Author Topic: Waterproof vs: Non-waterproof India Ink  (Read 2158 times)

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narrowminded

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Waterproof vs: Non-waterproof India Ink
« on: September 10, 2018, 11:16:08 PM »
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Waterproof vs: non-waterproof India Ink for a wash. :|  I'm about to try this for the first time and picked up a bottle of Higgins waterproof ink, unaware of the option.  It wasn't until I was searching for starting mix ratios that I found there were choices and for the few who mentioned those choices they were pretty emphatic about using non-waterproof.  There seemed to options on the alcohol strength with no hard and fast rule.

And while we're at it, for weathering over acrylics, clear lacquer seal first to prevent ill effects on the paint or go straight over the acrylic?  My concern is the alcohol softening the paint.

Thanks. 8)
« Last Edit: September 10, 2018, 11:18:19 PM by narrowminded »
Mark G.

peteski

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Re: Waterproof vs: Non-waterproof India Ink
« Reply #1 on: September 10, 2018, 11:28:09 PM »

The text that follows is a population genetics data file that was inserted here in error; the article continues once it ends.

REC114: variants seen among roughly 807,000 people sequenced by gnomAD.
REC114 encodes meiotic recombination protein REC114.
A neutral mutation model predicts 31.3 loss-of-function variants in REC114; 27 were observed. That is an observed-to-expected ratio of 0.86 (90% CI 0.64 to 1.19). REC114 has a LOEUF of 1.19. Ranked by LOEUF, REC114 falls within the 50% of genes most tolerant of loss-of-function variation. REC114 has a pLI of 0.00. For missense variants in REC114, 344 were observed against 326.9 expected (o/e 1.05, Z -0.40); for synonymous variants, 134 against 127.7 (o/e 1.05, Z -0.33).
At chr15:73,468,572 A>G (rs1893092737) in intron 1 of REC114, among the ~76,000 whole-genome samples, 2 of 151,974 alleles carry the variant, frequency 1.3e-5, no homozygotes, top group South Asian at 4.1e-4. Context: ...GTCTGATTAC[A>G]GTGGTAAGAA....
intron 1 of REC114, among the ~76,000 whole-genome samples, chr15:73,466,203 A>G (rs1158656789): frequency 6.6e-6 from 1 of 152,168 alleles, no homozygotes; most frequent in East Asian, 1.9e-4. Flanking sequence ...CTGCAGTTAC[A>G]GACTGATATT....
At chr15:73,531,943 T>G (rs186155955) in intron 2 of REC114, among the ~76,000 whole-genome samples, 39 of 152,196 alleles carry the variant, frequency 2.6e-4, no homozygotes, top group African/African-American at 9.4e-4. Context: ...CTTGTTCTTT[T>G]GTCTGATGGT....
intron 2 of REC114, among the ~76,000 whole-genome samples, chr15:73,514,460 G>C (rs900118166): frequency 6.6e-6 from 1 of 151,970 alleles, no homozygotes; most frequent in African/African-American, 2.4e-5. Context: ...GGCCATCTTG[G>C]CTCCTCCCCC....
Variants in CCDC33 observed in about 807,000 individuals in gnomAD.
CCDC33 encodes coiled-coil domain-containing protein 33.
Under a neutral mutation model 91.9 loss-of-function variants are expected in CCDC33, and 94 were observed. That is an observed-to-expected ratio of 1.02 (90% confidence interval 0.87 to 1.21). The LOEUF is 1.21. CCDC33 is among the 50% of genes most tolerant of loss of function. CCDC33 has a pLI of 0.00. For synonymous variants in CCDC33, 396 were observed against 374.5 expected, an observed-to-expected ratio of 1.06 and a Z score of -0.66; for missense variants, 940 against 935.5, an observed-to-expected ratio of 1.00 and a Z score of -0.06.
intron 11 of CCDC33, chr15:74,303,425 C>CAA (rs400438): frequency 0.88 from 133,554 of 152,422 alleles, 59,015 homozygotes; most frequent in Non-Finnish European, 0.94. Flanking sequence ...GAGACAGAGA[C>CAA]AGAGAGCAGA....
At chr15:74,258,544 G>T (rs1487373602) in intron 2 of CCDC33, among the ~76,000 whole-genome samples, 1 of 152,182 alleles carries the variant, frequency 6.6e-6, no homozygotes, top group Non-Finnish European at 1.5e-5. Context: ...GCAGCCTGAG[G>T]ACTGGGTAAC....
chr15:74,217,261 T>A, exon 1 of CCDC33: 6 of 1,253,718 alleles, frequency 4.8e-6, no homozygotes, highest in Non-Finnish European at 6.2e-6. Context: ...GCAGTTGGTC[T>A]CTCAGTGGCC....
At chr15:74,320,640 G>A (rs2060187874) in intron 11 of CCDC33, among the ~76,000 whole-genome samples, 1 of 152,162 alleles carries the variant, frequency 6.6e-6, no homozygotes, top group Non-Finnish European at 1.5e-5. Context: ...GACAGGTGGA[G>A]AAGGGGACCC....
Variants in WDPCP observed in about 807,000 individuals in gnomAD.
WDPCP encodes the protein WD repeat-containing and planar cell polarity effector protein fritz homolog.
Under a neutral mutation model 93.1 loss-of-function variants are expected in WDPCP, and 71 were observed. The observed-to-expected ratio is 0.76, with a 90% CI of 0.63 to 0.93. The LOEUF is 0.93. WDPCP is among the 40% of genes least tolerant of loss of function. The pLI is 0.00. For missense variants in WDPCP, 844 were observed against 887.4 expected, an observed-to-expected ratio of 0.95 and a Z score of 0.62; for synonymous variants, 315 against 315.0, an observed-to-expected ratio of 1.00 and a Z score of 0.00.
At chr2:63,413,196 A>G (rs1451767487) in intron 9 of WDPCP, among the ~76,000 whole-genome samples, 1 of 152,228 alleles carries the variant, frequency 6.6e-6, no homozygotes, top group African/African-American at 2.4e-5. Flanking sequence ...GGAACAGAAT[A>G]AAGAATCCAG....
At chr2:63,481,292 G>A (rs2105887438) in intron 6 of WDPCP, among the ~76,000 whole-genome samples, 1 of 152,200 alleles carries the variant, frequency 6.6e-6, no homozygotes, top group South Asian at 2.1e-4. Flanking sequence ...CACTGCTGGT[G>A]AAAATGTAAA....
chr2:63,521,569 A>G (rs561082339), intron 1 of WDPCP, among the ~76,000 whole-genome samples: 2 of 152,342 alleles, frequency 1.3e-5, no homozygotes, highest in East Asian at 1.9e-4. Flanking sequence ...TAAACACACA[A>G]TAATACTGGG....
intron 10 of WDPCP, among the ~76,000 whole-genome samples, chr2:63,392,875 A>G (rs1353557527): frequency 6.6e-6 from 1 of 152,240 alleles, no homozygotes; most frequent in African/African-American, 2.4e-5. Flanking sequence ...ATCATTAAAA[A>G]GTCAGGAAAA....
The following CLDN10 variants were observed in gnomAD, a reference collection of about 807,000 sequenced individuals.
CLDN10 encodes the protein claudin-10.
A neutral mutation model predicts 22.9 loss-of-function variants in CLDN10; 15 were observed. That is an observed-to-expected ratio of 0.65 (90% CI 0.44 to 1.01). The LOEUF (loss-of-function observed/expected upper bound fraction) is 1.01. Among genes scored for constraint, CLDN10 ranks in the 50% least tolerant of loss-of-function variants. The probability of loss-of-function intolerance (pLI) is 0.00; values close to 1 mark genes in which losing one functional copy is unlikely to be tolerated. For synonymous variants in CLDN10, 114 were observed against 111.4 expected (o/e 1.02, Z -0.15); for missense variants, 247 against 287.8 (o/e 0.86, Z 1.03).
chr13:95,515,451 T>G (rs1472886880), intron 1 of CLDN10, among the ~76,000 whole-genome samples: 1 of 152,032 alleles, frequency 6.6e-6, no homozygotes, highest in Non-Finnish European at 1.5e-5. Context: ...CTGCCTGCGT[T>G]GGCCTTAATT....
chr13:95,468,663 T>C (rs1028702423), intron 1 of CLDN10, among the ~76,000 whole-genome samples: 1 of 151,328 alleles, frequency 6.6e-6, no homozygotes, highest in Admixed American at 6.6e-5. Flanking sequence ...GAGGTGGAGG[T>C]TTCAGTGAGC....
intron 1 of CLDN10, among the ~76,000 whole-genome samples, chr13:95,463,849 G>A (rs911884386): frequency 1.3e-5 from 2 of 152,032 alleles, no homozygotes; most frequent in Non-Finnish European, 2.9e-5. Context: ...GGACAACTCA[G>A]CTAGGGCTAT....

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Interesting. I always thought that the ink called "India Ink" was waterproof by design. I learned something new today.  Is the non-waterproof ink still called India Ink, or just generic black ink?
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jpwisc

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Re: Waterproof vs: Non-waterproof India Ink
« Reply #2 on: September 11, 2018, 01:18:10 AM »
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The waterproof is still caked India Ink. I picked mine up at Blick. I diluted it with 70% IPA and it seems to work.
Karl
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narrowminded

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Re: Waterproof vs: Non-waterproof India Ink
« Reply #3 on: September 11, 2018, 02:15:49 AM »
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From what I read and pondering the claims it seems like they're saying the waterproof versions doesn't flow as well on painted and plastic surfaces.  They didn't say specifically but I suspect either would work well on wood due to the natural porosity.

Especially concerned about the alcohol, do folks seal with lacquer thinner before to use the India ink wash?   Or any wash, for that matter? :|
Mark G.

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Re: Waterproof vs: Non-waterproof India Ink
« Reply #4 on: September 11, 2018, 02:23:40 AM »
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So, looked on https://en.wikipedia.org/wiki/India_ink and learned that: